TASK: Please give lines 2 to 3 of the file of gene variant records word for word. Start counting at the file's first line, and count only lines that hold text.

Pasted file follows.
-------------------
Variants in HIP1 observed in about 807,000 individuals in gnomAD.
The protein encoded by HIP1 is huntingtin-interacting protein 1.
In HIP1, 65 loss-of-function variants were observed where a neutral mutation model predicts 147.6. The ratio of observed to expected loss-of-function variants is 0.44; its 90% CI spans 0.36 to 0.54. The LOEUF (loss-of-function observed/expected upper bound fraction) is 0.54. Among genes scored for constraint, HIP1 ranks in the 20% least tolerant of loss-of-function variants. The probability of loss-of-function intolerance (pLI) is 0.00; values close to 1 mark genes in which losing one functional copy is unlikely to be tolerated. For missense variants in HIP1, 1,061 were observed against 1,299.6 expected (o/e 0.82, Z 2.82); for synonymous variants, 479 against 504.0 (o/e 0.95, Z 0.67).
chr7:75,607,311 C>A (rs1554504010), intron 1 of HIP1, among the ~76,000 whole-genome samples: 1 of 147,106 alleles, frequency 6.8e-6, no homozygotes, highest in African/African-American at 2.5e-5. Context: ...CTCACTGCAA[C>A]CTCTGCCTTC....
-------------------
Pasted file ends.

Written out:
The protein encoded by HIP1 is huntingtin-interacting protein 1.
In HIP1, 65 loss-of-function variants were observed where a neutral mutation model predicts 147.6. The ratio of observed to expected loss-of-function variants is 0.44; its 90% CI spans 0.36 to 0.54. The LOEUF (loss-of-function observed/expected upper bound fraction) is 0.54. Among genes scored for constraint, HIP1 ranks in the 20% least tolerant of loss-of-function variants. The probability of loss-of-function intolerance (pLI) is 0.00; values close to 1 mark genes in which losing one functional copy is unlikely to be tolerated. For missense variants in HIP1, 1,061 were observed against 1,299.6 expected (o/e 0.82, Z 2.82); for synonymous variants, 479 against 504.0 (o/e 0.95, Z 0.67).